Holmes, Paul
Hopkins, Kelvin
Horam, Mr. John
Horwood, Martin
Howard, rh Mr. Michael
Howarth, David
Howarth, Mr. Gerald
Howell, John
Hughes, Simon
Huhne, Chris
Hunt, Mr. Jeremy
Hunter, Mark
Hurd, Mr. Nick
Jack, rh Mr. Michael
Jackson, Glenda
Jackson, Mr. Stewart
Jenkin, Mr. Bernard
Jones, Mr. David
Jones, Lynne
Kawczynski, Daniel
Keetch, Mr. Paul
Kennedy, rh Mr. Charles
Key, Robert
Knight, rh Mr. Greg
Laing, Mrs. Eleanor
Lait, Mrs. Jacqui
Lamb, Norman
Lansley, Mr. Andrew
Laws, Mr. David
Leech, Mr. John
Leigh, Mr. Edward
Letwin, rh Mr. Oliver
Lewis, Dr. Julian
Liddell-Grainger, Mr. Ian
Lidington, Mr. David
Lilley, rh Mr. Peter
Llwyd, Mr. Elfyn
Loughton, Tim
Mackay, rh Mr. Andrew
Mackinlay, Andrew
Maclean, rh David
Mactaggart, Fiona
Main, Anne
Malins, Mr. Humfrey
Maples, Mr. John
Marshall-Andrews, Mr. Robert
Mason, John
May, rh Mrs. Theresa
McCrea, Dr. William
McDonnell, John
McIntosh, Miss Anne
McLoughlin, rh Mr. Patrick
Mercer, Patrick
Miller, Mrs. Maria
Milton, Anne
Mitchell, Mr. Andrew
Moss, Mr. Malcolm
Mulholland, Greg
Mullin, Mr. Chris
Neill, Robert
Newmark, Mr. Brooks
Osborne, Mr. George
Ottaway, Richard
Pelling, Mr. Andrew
Penning, Mike
Penrose, John
Pickles, Mr. Eric
Prentice, Mr. Gordon
Price, Adam
Prisk, Mr. Mark
Pritchard, Mark
Pugh, Dr. John
Randall, Mr. John
Redwood, rh Mr. John
Reid, Mr. Alan
Rennie, Willie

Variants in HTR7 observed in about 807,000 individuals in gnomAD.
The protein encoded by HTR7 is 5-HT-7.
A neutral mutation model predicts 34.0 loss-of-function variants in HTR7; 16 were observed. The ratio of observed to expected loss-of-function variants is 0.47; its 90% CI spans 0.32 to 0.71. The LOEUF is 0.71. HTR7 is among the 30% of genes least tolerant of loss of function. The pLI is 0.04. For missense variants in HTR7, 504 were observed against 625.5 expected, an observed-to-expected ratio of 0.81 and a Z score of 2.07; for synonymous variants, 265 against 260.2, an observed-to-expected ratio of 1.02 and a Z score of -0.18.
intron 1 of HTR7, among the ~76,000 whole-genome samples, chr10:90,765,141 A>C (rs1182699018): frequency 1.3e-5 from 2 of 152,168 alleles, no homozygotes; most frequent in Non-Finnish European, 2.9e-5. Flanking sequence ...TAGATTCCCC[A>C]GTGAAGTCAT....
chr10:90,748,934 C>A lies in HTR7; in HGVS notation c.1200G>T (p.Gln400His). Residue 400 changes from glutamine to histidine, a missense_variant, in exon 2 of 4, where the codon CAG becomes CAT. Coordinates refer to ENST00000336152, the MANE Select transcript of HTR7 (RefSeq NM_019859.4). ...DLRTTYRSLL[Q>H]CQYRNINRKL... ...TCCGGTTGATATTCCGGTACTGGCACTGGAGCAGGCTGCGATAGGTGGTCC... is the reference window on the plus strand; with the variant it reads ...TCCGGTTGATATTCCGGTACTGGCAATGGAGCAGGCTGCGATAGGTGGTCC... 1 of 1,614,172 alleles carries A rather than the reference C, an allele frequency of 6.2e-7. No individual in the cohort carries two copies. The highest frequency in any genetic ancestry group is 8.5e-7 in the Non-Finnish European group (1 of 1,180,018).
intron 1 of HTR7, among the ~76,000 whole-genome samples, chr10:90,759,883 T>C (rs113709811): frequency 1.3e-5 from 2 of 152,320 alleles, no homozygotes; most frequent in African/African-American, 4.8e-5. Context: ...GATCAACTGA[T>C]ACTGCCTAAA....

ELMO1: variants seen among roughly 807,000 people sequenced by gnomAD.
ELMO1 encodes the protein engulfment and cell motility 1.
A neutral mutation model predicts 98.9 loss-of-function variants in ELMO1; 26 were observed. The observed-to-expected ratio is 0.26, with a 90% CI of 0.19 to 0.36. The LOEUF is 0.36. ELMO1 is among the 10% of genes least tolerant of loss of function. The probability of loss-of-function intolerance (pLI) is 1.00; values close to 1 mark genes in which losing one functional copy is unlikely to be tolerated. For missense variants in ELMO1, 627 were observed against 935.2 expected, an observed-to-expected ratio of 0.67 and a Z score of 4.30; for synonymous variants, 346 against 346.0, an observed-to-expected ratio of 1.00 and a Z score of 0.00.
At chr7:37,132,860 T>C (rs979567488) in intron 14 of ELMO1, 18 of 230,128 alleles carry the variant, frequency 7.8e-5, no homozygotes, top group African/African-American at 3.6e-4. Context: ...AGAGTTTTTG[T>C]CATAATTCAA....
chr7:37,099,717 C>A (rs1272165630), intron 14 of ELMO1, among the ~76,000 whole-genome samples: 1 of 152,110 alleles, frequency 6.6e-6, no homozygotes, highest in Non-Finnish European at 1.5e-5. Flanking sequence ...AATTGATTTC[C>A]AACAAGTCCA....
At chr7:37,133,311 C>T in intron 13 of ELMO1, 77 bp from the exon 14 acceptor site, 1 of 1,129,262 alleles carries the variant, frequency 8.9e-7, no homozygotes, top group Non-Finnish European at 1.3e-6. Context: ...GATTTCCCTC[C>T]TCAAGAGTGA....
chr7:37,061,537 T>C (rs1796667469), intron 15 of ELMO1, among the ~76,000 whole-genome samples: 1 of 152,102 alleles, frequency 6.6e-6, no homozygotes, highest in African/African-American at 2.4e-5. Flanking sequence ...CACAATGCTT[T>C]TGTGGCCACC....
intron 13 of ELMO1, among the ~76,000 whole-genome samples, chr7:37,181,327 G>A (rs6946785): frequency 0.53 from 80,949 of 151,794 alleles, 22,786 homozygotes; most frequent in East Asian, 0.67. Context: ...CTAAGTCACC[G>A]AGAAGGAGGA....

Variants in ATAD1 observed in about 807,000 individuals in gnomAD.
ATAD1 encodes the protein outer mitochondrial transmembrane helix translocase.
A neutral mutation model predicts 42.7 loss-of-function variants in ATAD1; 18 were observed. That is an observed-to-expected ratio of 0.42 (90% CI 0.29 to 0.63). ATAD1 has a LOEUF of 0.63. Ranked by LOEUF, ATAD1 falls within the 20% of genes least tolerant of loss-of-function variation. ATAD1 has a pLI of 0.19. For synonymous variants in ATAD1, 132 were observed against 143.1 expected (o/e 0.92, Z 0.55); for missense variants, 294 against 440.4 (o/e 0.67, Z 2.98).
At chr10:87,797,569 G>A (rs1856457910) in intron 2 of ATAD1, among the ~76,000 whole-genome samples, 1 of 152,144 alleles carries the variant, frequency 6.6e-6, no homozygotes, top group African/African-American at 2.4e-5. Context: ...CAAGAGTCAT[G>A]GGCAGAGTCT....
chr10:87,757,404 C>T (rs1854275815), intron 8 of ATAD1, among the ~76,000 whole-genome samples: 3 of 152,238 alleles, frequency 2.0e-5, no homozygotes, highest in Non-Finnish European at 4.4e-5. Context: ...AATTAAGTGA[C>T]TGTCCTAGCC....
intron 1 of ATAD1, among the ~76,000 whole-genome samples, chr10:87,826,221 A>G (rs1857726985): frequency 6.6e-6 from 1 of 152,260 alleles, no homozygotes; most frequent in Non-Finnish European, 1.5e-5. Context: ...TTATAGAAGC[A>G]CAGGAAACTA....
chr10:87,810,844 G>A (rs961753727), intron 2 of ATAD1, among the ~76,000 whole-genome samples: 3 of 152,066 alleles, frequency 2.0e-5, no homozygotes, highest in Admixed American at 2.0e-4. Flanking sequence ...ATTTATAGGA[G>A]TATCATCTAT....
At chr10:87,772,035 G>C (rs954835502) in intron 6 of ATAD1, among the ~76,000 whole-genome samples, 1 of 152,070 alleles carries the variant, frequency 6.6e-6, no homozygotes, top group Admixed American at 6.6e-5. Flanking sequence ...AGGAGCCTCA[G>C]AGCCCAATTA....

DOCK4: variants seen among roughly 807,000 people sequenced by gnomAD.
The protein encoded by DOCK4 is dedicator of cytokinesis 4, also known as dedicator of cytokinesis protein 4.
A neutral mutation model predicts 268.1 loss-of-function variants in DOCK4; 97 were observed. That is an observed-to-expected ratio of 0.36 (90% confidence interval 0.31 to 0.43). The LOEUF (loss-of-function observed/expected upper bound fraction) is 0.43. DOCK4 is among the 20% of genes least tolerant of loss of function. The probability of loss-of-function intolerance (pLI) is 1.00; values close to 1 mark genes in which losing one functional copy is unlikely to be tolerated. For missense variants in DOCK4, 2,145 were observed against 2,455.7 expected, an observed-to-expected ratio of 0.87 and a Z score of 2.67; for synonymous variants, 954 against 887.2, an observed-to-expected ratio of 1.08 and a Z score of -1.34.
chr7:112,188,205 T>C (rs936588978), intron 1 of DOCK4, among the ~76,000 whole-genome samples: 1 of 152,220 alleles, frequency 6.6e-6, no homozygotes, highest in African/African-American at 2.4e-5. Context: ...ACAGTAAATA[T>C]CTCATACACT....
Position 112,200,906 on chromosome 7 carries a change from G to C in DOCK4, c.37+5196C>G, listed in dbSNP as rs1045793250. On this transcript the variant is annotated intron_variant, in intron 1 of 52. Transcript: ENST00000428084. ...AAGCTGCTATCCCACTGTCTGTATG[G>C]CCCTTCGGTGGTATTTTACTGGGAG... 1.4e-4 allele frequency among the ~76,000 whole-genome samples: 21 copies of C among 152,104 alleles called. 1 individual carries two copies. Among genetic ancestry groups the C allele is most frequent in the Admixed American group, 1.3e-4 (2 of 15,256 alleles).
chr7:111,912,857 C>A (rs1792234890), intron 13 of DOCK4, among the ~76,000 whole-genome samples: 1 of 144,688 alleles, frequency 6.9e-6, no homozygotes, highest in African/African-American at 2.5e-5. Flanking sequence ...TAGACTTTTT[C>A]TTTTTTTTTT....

Rifkind, rh Sir Malcolm
Robathan, Mr. Andrew
Robertson, Angus
Robertson, Hugh
Robertson, Mr. Laurence
Rogerson, Dan
Rosindell, Andrew
Rowen, Paul
Ruffley, Mr. David
Russell, Bob
Sanders, Mr. Adrian
Scott, Mr. Lee
Selous, Andrew
Shapps, Grant
Shepherd, Mr. Richard
Short, rh Clare
Simmonds, Mark
Simpson, Alan
Simpson, Mr. Keith
Smith, Chloe
Smith, Sir Robert
Soames, Mr. Nicholas
Spelman, Mrs. Caroline
Spicer, Sir Michael
Stanley, rh Sir John
Steen, Mr. Anthony
Streeter, Mr. Gary
Stuart, Mr. Graham
Stunell, Andrew
Swayne, Mr. Desmond
Swinson, Jo
Swire, Mr. Hugo
Syms, Mr. Robert
Taylor, Mr. Ian
Taylor, Dr. Richard
Teather, Sarah
Thurso, John
Timpson, Mr. Edward
Tredinnick, David
Truswell, Mr. Paul
Turner, Mr. Andrew
Tyrie, Mr. Andrew
Vaizey, Mr. Edward
Vara, Mr. Shailesh
Viggers, Sir Peter
Villiers, Mrs. Theresa
Walker, Mr. Charles
Wallace, Mr. Ben
Walter, Mr. Robert
Wareing, Mr. Robert N.
Waterson, Mr. Nigel
Watkinson, Angela
Webb, Steve
Whittingdale, Mr. John
Widdecombe, rh Miss Ann
Wiggin, Bill

Willetts, Mr. David
Williams, Hywel
Williams, Mark
Williams, Mr. Roger
Williams, Stephen
Willis, Mr. Phil
Willott, Jenny
Wilshire, Mr. David
Wilson, Mr. Rob
Winterton, Ann
Winterton, Sir Nicholas
Wishart, Pete
Wright, Jeremy
Yeo, Mr. Tim
Young, rh Sir George
Tellers for the Ayes:

Mr. John Baron and
Mr. Philip Dunne

Ainger, Nick
Ainsworth, rh Mr. Bob
Alexander, rh Mr. Douglas
Anderson, Mr. David
Anderson, Janet
Armstrong, rh Hilary
Atkins, Charlotte
Austin, Mr. Ian
Baird, Vera
Balls, rh Ed
Banks, Gordon
Barlow, Ms Celia
Barron, rh Mr. Kevin
Battle, rh John
Bayley, Hugh
Beckett, rh Margaret
Begg, Miss Anne
Bell, Sir Stuart
Benn, rh Hilary
Benton, Mr. Joe
Berry, Roger
Betts, Mr. Clive
Blackman, Liz
Blackman-Woods, Dr. Roberta
Blears, rh Hazel
Blizzard, Mr. Bob
Borrow, Mr. David S.
Bradshaw, rh Mr. Ben
Brennan, Kevin
Brown, Lyn
Brown, rh Mr. Nicholas
Brown, Mr. Russell
Bryant, Chris
Burden, Richard
Burnham, rh Andy
Butler, Ms Dawn
Caborn, rh Mr. Richard
Cairns, David
Campbell, Mr. Alan
Campbell, Mr. Ronnie
Cawsey, Mr. Ian
Chapman, Ben
Chaytor, Mr. David
Clapham, Mr. Michael
Clark, Paul
Clarke, rh Mr. Charles
Clarke, rh Mr. Tom
Clelland, Mr. David
Clwyd, rh Ann
Coaker, Mr. Vernon
Coffey, Ann
Connarty, Michael
Cooper, Rosie
Cooper, rh Yvette
Cousins, Jim
Crausby, Mr. David
Creagh, Mary
Cruddas, Jon
Cryer, Mrs. Ann
Cummings, John